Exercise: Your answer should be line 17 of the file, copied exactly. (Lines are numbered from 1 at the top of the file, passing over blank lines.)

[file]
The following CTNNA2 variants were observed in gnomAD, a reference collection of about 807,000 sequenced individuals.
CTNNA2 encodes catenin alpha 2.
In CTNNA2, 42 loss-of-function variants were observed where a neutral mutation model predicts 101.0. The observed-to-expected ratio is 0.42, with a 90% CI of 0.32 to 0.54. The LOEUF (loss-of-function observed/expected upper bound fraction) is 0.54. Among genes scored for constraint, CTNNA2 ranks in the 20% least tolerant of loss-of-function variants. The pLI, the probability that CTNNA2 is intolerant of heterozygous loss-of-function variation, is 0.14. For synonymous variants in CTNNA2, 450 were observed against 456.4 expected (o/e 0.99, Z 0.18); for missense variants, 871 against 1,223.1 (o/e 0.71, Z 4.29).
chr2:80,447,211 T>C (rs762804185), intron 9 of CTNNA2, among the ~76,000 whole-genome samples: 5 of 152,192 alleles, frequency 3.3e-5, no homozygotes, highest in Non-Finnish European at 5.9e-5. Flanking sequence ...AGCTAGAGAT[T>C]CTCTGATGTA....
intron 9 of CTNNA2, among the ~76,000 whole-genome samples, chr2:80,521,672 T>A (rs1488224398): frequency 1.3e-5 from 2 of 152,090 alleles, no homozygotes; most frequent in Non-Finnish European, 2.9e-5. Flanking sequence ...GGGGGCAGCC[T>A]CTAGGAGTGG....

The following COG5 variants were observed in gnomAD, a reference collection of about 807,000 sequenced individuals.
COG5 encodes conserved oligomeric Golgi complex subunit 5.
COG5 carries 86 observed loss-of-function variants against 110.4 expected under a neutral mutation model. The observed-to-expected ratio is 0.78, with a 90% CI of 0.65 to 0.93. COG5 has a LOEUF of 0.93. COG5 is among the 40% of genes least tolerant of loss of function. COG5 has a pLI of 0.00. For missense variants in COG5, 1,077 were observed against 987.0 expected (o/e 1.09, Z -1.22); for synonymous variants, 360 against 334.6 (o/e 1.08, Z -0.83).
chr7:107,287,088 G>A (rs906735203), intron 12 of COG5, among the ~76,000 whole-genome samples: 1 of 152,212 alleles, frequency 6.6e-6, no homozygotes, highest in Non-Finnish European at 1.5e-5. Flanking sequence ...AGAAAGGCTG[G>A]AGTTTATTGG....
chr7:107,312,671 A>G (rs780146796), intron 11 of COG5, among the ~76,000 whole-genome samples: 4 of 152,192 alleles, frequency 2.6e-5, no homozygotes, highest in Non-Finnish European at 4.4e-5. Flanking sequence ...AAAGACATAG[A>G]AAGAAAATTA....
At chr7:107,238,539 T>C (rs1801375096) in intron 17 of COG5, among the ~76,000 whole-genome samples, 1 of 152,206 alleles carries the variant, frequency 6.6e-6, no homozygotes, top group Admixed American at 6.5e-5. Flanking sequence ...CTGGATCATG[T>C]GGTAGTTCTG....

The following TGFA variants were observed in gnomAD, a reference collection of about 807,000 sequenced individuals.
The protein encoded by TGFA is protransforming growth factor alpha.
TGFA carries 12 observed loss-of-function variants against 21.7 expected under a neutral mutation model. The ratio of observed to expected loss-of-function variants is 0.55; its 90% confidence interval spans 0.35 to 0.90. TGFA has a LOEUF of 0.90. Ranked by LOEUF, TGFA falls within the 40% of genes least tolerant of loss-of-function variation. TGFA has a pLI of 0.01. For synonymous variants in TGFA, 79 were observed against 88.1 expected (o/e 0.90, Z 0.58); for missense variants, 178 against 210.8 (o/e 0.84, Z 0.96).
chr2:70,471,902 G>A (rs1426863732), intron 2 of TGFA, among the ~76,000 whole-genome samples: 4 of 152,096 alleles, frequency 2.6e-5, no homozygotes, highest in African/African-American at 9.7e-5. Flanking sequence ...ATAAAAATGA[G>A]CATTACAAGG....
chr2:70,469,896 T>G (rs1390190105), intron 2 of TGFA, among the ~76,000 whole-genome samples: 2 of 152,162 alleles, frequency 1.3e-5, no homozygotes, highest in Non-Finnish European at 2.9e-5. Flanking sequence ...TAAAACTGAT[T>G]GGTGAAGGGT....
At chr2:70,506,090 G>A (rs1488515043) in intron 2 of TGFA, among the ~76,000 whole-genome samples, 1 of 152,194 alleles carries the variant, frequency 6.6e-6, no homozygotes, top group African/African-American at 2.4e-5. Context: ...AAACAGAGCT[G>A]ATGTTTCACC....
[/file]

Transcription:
At chr2:70,506,090 G>A (rs1488515043) in intron 2 of TGFA, among the ~76,000 whole-genome samples, 1 of 152,194 alleles carries the variant, frequency 6.6e-6, no homozygotes, top group African/African-American at 2.4e-5. Context: ...AAACAGAGCT[G>A]ATGTTTCACC....